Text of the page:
YouTube is pulling in plenty of dollars – 4 billion of them in 2014, up by a billion on 2013 – but it’s also spending it like there’s no tomorrow. People “familiar with its financials” told the Wall Street Journal this week that after forking out for original content and also the infrastructure to keep the whole shebang going, the company is just about breaking even.
But from where I’m sitting, these videos are a lot like the TV show Jackass – which was on MTV between 2000 and 2002. The show featured self-injuring stunts including inserting a toy car into one cast member’s anus, snorting wasabi, and tattooing in a moving off-road vehicle. The show was broadcast before 10pm, prior to a campaign led by US Senator Joe Lieberman to remove it.
YouTube, just like marketing, is evolving. What once used to be a platform for amateur videographers is now more than one billion active users strong. Marketers are learning that YouTube is a powerful tool; in fact, the 2017 State of Inbound report shows that 48% of all marketers plan to add YouTube as a content distribution channel in the next 12 months. Video isn’t just a passing trend, either: nearly 87% of marketers use video for content marketing campaigns, and Cisco predicts that 80% of all internet traffic will be streaming videos by 2019. The need for marketers to use video to reach their audiences is more critical now than ever before.
“Fun and informative content will be shared above traditional advertising. Since you’re going to all that trouble to lure people to your page, make sure the content on your page is light and informative. This will increase the chance of them interacting (comments, likes) and sharing your videos.” – Adam Rowles, 8 YouTube Tips for Business Marketing, Business 2 Community; Twitter: @B2Community
Adrianna did a really solid job for us on this ebook design. This is beyond what I expected but yet again, she's outdone herself. I was really grateful for her input. Initially, all I was hoping for was a better powerpoint presentation, meanwhile she totally reenvisioned the project. Now, I have this appealing and engaging eBook to show off to my clients. It's been a positive experience every time.
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And though they don't appear to be huge revenue contributors at this point, the YouTube Red and YouTube TV subscription services can't be overlooked when trying to value the company. Particularly YouTube Red, which provides ad-free YouTube, some original shows and access to the Google Play Music service for $10 per month, and which led YouTube to become the top-grossing U.S. iPhone app in March. Later this year, Google plans to replace Google Play Music -- in many ways Red's weak link -- with YouTube Remix, a music service that's fully integrated with YouTube.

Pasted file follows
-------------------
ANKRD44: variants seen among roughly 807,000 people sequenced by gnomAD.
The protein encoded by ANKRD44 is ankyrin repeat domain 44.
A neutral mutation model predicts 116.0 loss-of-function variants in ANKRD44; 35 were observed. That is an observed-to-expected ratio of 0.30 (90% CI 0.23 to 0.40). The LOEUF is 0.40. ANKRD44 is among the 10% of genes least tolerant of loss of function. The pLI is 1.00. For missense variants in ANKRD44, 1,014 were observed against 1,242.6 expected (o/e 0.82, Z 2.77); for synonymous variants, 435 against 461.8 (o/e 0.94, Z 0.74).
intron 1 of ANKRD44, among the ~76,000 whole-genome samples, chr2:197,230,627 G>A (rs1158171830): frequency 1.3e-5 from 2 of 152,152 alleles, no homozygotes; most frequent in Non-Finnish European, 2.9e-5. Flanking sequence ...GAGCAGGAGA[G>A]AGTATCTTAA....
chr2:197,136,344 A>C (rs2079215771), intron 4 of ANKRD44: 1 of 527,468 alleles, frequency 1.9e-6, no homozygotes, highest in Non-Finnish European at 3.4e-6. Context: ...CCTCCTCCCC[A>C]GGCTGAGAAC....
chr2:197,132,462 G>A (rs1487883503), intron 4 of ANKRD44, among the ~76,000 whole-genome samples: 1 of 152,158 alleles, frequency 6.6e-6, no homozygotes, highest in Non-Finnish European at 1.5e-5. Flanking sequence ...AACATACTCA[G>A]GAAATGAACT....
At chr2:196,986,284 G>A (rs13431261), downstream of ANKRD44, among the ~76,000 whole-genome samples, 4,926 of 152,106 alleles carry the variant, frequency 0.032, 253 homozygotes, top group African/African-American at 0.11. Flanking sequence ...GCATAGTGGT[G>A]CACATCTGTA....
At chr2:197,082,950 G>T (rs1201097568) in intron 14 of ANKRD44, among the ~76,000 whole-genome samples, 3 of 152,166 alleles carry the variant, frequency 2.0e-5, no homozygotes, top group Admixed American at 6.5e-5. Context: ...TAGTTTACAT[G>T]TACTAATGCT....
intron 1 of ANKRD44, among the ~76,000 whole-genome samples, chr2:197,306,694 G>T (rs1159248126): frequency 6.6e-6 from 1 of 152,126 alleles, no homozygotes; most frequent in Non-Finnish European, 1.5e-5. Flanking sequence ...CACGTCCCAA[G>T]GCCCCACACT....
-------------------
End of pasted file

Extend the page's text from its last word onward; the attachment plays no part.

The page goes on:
When promoting your YouTube channel or videos on your social media sites, consider the best marketing strategy. Simply sharing the video on your timeline or feed may not be the most effective option. Think of why you made the video. Maybe you created a tutorial because users were asking a lot of questions about how to use your product. In that case, it might be best to respond to those questions with a link to your video. If you created a video as part of a larger campaign or global trend, be sure to include relevant #hashtags where appropriate to ensure your video is included in the conversation.
26. Market your YouTube channel and vidoes on your website and blog. “Market your YouTube channel and videos on your website and blog. First, add a YouTube follow icon to your website and blog so your audience can easily find your channel. Second, embed relevant videos on your website or in blog posts. Consider creating a YouTube video to accompany a specific blog post or sharing customer video reviews or case studies on your website. Not only will this help market your YouTube channel and videos, it will also drive traffic to your website.” – Alicia Collins, YouTube Marketing: The Ultimate Guide, HubSpot; Twitter: @HubSpot
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Unlike other social networking platforms, YouTube exclusively hosts video content. If you’re only creating a YouTube channel to upload one video and have no intention of maintaining the platform, you might want to reconsider. You’ll need to set aside plenty of time to plan, film, edit, market, and analyze content on a consistent basis. You’ll need to define your brand’s goals and plan for how video specifically can help you achieve these. However, if you devote an appropriate amount of time and energy into the platform, you’ll be able to create engaging, shareable content for your growing audience.